August 2003, Baghdad

There are some times here that you are able to stop and look around you and find a moment of peace. We were crossing the Tigris River at night under a full moon. The light was dancing on the water, a light breeze floated through the trees. You think to yourself how nice this would be with someone special, then flares light up the sky and you see tracer fire off in the distance and the cold slap of reality sets in that you are in the middle of a war zone.

Aug. 12, Baghdad

Ok, so things keep changing.

My company just got traded away to the 82nd Airborne's 2nd Brigade. What that means is we will live at Kamp Krusty but work in the 82nd's area. They have been getting the snot knocked out of them and they asked for tanks, so they sent us. The unit we are going to draws 400-500 gallons of fuel a day. My tanks use 2,500 gallons a day. [ ... ] On one of my tanks I carry as much small-arms ammo as one of their 700-man units. These guys are in for a big shock.

Aug. 16, Baghdad

The locals are different in every sector. In our old sectors we were able to build "good" relationships. In our new area it is a very different place: openly hostile is closer to the mark. We view most of the locals as someone to be dealt with and nothing more. Our CO wants us to embrace them with open arms and love our fellow man. Too many of us have a bad taste in our mouths about it all. They have no respect for weapons, each other and life; and if that is the case then how are we supposed to look at them any differently?

Ballard, 26, died in Najaf on May 30, 2004, when a passing tree branch triggered the unmanned machine gun on his tank.

On Aug. 19 a suicide truck bomb demolished the U.N. headquarters in Baghdad, killing 24 people and wounding more than 100. The attack signaled to aid workers that any foreigner, not just U.S. troops, was a target.

Aug. 29, Baghdad

It's been a lot of dismounted stuff recently. After 9 hours in the heat with 80 pounds on your back, you don't want to do much except sleep when you get back. [ ... ] I saw the U.N. building today. It's pretty devastating when you see it up close. These people out here are something else. They just don't care that other people are trying to help them. But I guess that's the face of war, and yes, it's still a war. Don't believe everything you see on TV.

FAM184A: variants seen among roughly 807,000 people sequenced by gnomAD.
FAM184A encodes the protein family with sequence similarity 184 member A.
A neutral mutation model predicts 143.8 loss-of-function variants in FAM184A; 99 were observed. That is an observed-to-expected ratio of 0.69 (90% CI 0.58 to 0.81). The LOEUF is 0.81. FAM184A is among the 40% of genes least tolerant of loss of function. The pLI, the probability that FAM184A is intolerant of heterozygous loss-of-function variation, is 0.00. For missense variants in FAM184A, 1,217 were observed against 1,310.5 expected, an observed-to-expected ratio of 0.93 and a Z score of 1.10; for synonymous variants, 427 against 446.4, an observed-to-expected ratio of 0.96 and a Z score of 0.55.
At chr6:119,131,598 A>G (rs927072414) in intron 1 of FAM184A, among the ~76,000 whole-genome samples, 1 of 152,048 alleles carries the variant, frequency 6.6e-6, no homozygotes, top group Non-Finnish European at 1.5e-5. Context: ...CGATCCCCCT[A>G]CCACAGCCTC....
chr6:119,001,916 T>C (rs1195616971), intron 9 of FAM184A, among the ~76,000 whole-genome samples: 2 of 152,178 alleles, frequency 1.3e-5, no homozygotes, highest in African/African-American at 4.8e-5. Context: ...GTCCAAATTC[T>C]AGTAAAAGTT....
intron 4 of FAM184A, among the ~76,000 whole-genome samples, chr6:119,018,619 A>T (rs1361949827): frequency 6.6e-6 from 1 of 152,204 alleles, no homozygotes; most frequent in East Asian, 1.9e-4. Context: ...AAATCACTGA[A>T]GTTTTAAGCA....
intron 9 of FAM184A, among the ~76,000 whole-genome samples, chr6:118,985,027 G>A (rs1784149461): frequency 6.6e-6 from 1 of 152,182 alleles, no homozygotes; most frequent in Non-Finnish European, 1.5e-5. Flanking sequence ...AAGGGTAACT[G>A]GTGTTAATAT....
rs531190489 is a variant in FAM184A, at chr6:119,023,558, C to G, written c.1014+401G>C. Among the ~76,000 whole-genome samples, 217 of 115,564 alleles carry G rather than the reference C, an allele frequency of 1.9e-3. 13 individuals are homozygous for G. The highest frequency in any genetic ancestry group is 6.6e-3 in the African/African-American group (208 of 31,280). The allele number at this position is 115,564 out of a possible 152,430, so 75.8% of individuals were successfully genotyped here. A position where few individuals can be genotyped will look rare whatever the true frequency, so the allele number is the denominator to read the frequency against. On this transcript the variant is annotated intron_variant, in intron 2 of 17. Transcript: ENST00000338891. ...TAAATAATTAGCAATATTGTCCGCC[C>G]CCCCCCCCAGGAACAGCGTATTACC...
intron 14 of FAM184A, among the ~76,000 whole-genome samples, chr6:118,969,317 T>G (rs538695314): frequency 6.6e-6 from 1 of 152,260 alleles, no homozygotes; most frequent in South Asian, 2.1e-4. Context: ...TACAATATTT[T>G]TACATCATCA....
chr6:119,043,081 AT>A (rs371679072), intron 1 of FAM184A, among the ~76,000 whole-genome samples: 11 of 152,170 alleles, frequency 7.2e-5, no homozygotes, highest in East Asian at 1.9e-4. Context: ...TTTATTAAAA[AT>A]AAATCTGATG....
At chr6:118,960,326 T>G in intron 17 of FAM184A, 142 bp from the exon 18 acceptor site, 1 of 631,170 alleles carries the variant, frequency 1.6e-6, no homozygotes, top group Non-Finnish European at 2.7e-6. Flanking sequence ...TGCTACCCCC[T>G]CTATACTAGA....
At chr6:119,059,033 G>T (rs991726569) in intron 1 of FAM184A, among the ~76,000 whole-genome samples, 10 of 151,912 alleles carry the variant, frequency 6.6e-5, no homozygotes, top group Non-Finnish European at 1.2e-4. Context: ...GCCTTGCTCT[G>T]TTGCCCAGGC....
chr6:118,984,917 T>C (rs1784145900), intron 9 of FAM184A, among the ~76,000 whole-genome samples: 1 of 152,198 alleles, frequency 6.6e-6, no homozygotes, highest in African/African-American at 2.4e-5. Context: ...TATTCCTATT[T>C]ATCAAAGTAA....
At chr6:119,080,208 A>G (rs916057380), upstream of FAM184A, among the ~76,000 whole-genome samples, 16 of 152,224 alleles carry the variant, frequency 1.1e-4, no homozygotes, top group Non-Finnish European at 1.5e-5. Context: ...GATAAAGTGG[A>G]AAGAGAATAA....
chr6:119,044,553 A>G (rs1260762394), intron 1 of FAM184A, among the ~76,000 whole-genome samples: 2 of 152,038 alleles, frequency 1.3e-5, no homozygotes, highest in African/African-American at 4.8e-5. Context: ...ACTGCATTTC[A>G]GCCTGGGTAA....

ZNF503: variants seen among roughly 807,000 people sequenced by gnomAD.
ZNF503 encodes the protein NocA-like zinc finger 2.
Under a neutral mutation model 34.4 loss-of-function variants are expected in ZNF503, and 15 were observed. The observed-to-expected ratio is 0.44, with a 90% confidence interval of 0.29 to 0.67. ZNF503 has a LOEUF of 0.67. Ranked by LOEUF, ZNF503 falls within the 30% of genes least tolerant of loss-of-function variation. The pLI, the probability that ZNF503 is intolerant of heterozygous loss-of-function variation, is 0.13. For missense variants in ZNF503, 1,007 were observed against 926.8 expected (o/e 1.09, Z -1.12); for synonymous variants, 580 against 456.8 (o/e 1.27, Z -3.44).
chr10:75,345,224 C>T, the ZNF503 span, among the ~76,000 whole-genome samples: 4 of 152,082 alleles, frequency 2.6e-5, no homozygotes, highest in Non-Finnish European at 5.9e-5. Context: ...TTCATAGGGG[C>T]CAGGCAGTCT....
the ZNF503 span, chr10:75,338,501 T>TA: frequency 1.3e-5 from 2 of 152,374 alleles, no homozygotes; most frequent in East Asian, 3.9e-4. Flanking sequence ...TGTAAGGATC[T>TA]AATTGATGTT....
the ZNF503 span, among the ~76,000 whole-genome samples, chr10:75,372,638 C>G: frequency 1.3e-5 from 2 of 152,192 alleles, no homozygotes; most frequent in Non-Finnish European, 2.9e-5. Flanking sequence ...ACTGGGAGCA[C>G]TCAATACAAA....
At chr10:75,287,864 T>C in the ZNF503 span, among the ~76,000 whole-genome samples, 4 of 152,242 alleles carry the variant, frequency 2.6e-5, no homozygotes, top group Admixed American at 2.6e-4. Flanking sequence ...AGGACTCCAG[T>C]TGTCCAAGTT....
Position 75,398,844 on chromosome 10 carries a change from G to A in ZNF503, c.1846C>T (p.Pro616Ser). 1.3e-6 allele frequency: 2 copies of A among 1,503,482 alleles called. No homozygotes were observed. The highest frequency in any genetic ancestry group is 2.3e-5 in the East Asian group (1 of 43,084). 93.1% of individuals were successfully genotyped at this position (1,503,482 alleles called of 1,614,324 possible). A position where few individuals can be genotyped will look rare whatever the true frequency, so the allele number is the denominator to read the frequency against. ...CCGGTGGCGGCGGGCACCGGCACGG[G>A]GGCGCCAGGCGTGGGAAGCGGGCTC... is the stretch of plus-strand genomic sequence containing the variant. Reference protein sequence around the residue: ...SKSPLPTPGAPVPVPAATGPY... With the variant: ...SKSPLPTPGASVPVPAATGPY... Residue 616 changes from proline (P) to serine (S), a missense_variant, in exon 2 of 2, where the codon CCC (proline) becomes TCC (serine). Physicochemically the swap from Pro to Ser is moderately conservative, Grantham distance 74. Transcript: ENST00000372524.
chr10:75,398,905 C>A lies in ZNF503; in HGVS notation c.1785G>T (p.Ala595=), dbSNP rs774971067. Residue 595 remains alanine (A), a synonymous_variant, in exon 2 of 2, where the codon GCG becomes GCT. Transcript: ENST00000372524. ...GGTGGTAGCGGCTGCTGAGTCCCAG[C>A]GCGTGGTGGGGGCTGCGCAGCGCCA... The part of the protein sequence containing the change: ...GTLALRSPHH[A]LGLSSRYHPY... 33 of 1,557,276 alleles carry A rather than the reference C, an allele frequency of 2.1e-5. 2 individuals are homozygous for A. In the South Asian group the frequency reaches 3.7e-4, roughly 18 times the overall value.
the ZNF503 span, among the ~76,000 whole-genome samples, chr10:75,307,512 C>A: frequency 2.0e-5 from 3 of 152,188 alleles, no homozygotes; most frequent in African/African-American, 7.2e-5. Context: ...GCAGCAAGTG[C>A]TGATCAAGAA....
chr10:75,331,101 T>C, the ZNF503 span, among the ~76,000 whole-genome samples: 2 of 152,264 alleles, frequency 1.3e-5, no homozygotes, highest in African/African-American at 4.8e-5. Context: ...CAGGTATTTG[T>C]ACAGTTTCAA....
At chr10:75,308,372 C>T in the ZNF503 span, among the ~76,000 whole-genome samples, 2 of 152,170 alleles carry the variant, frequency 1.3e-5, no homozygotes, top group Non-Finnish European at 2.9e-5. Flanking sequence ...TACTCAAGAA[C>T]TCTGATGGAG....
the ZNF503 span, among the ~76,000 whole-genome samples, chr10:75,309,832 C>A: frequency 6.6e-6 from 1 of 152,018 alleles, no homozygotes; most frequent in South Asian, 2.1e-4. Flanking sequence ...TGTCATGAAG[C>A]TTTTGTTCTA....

Army Capt. Christopher P. Petty
Oct. 30, Al Miqdadiyah, 60 miles northeast of Baghdad

Happy Halloween, sorry it has been awhile since I wrote. Things have been busy. Ramadan began the other day and so far the attacks have increased each day. [ ... ] You will most likely hear about it in the news soon, but an M1 Abrams tank was destroyed last night. Reports are unclear as to what caused it. However, it was clear that 2 U.S. soldiers lost their lives and an acclaimed indestructible tank had its turret blown off. That makes six soldiers killed in our brigade alone in the past four weeks.

Petty, 33, and four others were killed when their Humvee hit an IED in Najaf on Jan. 5, 2006. He was three weeks into his second tour.

Dec. 2, Baghdad

I tried calling yesterday but got the machine ... We're doing ok just busy hitting the enemy hard lately ... Long days and nights ahead ... Division is saying we'll be home in March ... I know how many days but I can't tell you on an unsecure line ... Gotta go. I'll try to call again.

Love, Patrick

On the night of Feb. 11, 2004, Tainsh's patrol was hit by an improvised explosive device; an ambush ensued. His commanding officer wrote afterward: "Although Sgt. Tainsh was immediately mortally wounded, he started laying down suppressive fire in order to secure the area for the medic to move forward. Sgt. Tainsh stopped laying down fire only after he felt the area was secured. He then dropped down and tapped me on the shoulder to let me know he was wounded." He was 33.

Unless otherwise stated, all images are courtesy of the troops' families and friends.